By looking at the table, we can see that the denominator is almost the same as the denominator of the transform for \sqrt{t}. With some algebraic manipulation to the numerator, we are able to figure out the inverse Laplace transform.

See, Laplace transforms aren’t that hard after all. They can get a little messy and can be take a long time to solve after first, but with more practice, the better you’ll get. Make sure you have that table handy!

Until next time,
Leah

## Tuesday, November 3, 2015

### Advanced Math Solutions – Ordinary Differential Equations Calculator, Exact Differential Equations

In the previous posts, we have covered three types of ordinary differential equations, (ODE). We have now reached the last type of ODE. In this post, we will talk about exact differential equations.

What is an exact differential equation?

There must be a 0 on the right side of the equation and M(x,y)dx and N(x,y)dx must be separated by a +.

Steps to solve exact differential equations:
1. Verify that \frac{∂M(x,y)}{∂y}=\frac{∂N(x,y)}{∂x}
• Find M(x,y) and N(x,y)
2. Integrate \int M(x,y)dx or \int N(x,y)dy
• This will help us find Ψ(x,y)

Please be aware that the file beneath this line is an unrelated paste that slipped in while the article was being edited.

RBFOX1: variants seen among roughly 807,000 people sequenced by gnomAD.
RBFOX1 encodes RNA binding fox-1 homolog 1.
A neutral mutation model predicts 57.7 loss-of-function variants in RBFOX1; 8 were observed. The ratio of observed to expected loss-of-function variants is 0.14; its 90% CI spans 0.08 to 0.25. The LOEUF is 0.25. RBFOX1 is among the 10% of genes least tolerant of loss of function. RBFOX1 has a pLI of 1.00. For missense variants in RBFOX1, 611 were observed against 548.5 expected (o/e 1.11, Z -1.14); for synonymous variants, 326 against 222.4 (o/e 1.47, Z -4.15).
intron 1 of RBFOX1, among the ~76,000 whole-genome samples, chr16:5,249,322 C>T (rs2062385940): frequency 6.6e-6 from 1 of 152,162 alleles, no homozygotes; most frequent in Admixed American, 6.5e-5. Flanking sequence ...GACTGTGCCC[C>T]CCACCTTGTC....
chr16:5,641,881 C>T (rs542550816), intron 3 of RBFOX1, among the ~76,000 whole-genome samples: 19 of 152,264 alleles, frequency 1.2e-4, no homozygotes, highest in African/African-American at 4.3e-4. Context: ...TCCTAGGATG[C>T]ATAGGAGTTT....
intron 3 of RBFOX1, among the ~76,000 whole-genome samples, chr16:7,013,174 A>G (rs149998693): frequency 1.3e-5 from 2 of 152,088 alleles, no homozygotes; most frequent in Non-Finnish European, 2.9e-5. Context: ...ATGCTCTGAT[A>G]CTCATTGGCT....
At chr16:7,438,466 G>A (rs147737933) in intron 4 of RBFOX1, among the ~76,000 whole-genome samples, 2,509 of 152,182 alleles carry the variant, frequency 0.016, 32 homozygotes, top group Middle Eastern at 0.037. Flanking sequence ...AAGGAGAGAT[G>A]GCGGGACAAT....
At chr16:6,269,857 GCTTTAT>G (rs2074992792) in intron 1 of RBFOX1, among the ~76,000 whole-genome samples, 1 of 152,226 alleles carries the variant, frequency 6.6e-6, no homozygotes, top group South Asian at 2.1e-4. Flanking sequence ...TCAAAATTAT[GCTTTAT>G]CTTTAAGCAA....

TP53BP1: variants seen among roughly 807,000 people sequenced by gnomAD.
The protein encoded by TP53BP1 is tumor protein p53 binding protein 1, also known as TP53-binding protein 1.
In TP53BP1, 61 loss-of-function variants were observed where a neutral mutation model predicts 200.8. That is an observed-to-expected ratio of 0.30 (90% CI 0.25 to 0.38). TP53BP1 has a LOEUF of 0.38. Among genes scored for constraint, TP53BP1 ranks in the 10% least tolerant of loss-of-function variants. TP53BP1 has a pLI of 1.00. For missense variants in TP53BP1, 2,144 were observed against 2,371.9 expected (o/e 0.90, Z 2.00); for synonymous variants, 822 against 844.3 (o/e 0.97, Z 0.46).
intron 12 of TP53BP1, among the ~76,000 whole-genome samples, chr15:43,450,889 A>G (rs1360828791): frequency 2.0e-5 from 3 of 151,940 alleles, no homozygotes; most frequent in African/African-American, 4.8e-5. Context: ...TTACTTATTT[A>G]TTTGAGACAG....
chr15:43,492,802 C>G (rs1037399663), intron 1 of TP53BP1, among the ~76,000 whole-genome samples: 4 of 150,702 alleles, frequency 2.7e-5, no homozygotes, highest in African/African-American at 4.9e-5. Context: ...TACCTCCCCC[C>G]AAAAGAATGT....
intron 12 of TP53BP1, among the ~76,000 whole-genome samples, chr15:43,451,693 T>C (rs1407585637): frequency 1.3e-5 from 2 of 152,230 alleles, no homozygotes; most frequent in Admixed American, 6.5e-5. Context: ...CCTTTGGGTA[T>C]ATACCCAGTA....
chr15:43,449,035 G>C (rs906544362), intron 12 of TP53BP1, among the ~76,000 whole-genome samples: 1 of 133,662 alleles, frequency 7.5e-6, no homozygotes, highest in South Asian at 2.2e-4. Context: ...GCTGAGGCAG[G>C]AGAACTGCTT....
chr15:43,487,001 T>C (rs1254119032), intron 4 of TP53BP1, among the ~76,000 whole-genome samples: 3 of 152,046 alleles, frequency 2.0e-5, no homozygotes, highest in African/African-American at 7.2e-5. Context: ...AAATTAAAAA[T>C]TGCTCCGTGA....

3. Replace c with ƞ(x) if you integrated N(x,y) with respect to y, or ƞ(y) if you integrated M(x,y) with respect to x
4. Compute ƞ(x) or ƞ(y)
5. Solve to get the implicit or explicit solution, depending on which is preferred
• Don’t forget to substitute ƞ(x) or ƞ(y)

Exact differential equations can be tricky. We will solve the first example step by step to help you better understand how to solve exact differential equations.

1. Verify that \frac{∂M(x,y)}{∂y}=\frac{∂N(x,y)}{∂x}
M(x,y)=2xy-9x^2
N(x,y)=2y+x^2+1

2. Integrate \int N(x,y)dy

3. Replace c with ƞ(x)

4. Compute ƞ(x)

We took the derivative with respect to x of Ψ(x,y), which is equal to y+x^2 y+y^2+ƞ(x). We then compared the derivative to M(x,y), the equation we didn’t integrate. We then integrated both sides to solve for ƞ(x).

5. Find the implicit equation

Exact differential equations may look scary because of the odd looking symbols and multiple steps. If you double check your work, memorize the steps, and practice, you can definitely get this concept down. Don’t be afraid and dive in!